We are truly legendary, to the point that political junkies sit around up in Washington dreaming up Top Five lists about us, a laHigh Fidelity, such as “The five nastiest South Carolina races ever.”
At least, Chris Cillizza at the WashPost‘s The Fix does.
And it’s a pretty good list even though it’s awfully heavy on stuff that happened during my own career. He does, to give him credit, give a mention to the legendary Preston Brooks, but the Top Five are all 1978 or later.
Given that limitation, it’s a good list. He counts them down thusly:
5. 2002 Republican governors runoff:
This is the one I wrote about yesterday (at least, I wrote about the GOP effort to come together AFTER this nasty battle
), between Mark Sanford and Bob Peeler. Peeler’s campaign, run by party regulars, was inexcusable, as Cillizza correctly recalls: “In one particularly memorable Peeler ad, a Sanford look-alike is shown stripping a soldier down to his underwear to illustrate Sanford’s alleged attitude toward military funding.” Yep. I remember it well.
4. 1978 4th district race: The abominable campaign against Max Heller, featuring anti-Semitic push-polling by Carroll Campbell’s pollster. I was in Tennessee at the time covering Lamar Alexander and Jake Butcher, but I’ve heard plenty about this from my good friend Samuel Tenenbaum over the years.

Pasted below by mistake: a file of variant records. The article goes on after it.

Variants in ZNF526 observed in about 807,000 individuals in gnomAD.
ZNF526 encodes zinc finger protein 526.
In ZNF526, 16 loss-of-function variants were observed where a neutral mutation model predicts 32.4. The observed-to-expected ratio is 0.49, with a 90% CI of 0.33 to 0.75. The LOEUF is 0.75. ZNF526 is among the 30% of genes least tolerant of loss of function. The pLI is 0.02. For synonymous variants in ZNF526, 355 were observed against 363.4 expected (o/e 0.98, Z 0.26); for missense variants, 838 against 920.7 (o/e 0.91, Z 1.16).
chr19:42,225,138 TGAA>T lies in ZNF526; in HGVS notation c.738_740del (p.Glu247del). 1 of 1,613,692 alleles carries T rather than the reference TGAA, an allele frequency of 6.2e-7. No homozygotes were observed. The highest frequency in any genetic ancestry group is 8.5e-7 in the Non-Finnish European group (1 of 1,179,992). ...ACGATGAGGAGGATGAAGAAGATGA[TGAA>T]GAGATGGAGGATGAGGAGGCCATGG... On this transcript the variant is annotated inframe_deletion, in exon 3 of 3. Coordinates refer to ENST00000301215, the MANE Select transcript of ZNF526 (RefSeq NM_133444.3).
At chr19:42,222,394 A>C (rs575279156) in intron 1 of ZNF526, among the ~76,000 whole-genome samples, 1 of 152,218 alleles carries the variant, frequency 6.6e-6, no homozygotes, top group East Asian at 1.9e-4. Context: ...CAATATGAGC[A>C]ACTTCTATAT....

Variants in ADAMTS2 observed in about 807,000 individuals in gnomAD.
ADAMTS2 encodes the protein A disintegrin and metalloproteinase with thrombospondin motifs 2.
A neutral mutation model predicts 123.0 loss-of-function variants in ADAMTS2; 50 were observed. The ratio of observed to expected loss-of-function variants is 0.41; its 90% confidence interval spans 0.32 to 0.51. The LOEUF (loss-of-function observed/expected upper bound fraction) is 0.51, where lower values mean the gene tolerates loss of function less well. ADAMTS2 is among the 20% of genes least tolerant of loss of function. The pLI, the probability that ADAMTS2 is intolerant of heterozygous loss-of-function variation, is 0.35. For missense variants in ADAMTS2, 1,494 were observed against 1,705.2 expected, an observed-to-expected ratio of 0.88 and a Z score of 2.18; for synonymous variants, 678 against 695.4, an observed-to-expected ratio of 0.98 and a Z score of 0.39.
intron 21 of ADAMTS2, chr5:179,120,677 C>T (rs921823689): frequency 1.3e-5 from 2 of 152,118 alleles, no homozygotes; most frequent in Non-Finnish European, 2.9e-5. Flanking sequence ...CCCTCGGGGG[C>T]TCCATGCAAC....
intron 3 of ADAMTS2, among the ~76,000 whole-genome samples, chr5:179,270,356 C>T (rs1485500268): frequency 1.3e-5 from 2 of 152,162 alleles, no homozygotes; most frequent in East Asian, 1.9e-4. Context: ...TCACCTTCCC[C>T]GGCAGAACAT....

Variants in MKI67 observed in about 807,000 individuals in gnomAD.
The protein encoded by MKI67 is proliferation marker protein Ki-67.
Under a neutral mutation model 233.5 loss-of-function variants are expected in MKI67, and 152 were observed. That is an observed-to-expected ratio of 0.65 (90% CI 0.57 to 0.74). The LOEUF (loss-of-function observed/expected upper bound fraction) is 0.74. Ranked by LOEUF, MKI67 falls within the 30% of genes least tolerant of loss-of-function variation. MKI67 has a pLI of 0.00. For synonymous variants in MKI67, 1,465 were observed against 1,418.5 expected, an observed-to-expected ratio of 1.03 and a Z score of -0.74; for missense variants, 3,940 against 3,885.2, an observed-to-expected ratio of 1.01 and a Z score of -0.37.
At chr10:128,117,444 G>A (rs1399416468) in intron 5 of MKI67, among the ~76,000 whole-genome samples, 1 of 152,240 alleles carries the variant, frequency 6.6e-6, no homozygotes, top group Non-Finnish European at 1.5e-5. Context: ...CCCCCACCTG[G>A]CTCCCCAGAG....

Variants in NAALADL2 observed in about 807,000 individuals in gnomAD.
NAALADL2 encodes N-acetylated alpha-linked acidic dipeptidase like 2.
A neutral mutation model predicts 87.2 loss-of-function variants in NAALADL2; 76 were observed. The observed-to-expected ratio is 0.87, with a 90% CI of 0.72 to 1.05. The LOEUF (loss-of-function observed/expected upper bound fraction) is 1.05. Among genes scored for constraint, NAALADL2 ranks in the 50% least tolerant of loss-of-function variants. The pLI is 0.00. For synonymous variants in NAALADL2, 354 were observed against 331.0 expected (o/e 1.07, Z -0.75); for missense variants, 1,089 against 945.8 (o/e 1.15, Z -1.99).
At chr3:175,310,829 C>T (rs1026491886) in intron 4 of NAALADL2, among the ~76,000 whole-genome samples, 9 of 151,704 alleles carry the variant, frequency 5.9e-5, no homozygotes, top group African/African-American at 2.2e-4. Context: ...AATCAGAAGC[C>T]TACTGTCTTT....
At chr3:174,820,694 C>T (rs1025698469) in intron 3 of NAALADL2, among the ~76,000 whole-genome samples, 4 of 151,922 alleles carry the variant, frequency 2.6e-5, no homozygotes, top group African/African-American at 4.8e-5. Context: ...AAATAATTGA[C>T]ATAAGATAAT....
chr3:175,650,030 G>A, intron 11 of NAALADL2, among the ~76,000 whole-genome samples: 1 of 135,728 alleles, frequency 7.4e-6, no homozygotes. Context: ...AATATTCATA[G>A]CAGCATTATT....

3. 1980 2nd district race: Also before I came home to SC, but I knew the players later: Lee Atwater, on behalf of Floyd Spence, told the press that Tom Turnipseed had been hooked up to “jumper cables” — a reference to shock treatments he had received for depression as a teenager.
2. 2010 Republican governors primary: That’s the one we just lived through. Or rather, are still living through. If we live.
1. 2000 Republican presidential primary: The filthy tricks that George W. Bush’s campaign used against John McCain to stop his candidacy and give Bush the momentum to go on and win the presidency. Not sure this was necessarily the nastiest by SC standards, but it certainly had the most profound impact on the world. I firmly believe that otherwise John McCain would have been our president on 9/11 and thereafter, which would have been better for us all. That knowledge of how South Carolina let the world down was very much on my mind when we pushed for McCain’s victory in the 2008 primary. (I also felt responsible because the newspaper — over my strong objections — endorsed Bush over McCain in 2000.)
They keep talking about us. And they will continue to do so, until we turn our backs on all this stuff. Which is why I’m rooting for Vincent Sheheen.